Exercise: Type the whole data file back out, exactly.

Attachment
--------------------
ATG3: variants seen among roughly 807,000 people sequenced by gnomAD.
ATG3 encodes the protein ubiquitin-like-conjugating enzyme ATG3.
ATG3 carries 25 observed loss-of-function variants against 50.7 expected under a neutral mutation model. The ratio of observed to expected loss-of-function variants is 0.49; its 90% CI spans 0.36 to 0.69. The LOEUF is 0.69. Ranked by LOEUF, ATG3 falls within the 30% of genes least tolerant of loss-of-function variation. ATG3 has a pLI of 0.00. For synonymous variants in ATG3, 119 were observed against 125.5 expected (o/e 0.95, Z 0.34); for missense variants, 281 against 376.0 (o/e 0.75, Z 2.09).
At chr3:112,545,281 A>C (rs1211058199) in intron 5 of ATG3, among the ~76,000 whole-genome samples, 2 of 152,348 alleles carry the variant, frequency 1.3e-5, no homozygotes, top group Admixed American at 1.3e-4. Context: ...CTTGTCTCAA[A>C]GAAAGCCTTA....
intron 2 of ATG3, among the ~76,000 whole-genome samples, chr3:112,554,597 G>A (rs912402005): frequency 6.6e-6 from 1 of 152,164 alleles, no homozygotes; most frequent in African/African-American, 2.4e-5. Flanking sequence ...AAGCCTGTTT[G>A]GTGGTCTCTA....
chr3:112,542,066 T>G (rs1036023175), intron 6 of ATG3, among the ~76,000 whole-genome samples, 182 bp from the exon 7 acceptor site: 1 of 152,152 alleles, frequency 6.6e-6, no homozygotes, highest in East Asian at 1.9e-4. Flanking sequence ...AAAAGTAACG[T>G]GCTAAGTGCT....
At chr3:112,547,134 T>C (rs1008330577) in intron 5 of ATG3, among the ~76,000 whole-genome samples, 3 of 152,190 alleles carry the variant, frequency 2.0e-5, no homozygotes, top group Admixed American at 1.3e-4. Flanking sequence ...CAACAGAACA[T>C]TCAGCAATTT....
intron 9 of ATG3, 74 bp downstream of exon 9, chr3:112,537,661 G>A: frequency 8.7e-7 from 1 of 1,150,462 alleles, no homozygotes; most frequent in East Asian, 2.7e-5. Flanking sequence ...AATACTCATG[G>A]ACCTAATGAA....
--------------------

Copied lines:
ATG3: variants seen among roughly 807,000 people sequenced by gnomAD.
ATG3 encodes the protein ubiquitin-like-conjugating enzyme ATG3.
ATG3 carries 25 observed loss-of-function variants against 50.7 expected under a neutral mutation model. The ratio of observed to expected loss-of-function variants is 0.49; its 90% CI spans 0.36 to 0.69. The LOEUF is 0.69. Ranked by LOEUF, ATG3 falls within the 30% of genes least tolerant of loss-of-function variation. ATG3 has a pLI of 0.00. For synonymous variants in ATG3, 119 were observed against 125.5 expected (o/e 0.95, Z 0.34); for missense variants, 281 against 376.0 (o/e 0.75, Z 2.09).
At chr3:112,545,281 A>C (rs1211058199) in intron 5 of ATG3, among the ~76,000 whole-genome samples, 2 of 152,348 alleles carry the variant, frequency 1.3e-5, no homozygotes, top group Admixed American at 1.3e-4. Context: ...CTTGTCTCAA[A>C]GAAAGCCTTA....
intron 2 of ATG3, among the ~76,000 whole-genome samples, chr3:112,554,597 G>A (rs912402005): frequency 6.6e-6 from 1 of 152,164 alleles, no homozygotes; most frequent in African/African-American, 2.4e-5. Flanking sequence ...AAGCCTGTTT[G>A]GTGGTCTCTA....
chr3:112,542,066 T>G (rs1036023175), intron 6 of ATG3, among the ~76,000 whole-genome samples, 182 bp from the exon 7 acceptor site: 1 of 152,152 alleles, frequency 6.6e-6, no homozygotes, highest in East Asian at 1.9e-4. Flanking sequence ...AAAAGTAACG[T>G]GCTAAGTGCT....
At chr3:112,547,134 T>C (rs1008330577) in intron 5 of ATG3, among the ~76,000 whole-genome samples, 3 of 152,190 alleles carry the variant, frequency 2.0e-5, no homozygotes, top group Admixed American at 1.3e-4. Flanking sequence ...CAACAGAACA[T>C]TCAGCAATTT....
intron 9 of ATG3, 74 bp downstream of exon 9, chr3:112,537,661 G>A: frequency 8.7e-7 from 1 of 1,150,462 alleles, no homozygotes; most frequent in East Asian, 2.7e-5. Flanking sequence ...AATACTCATG[G>A]ACCTAATGAA....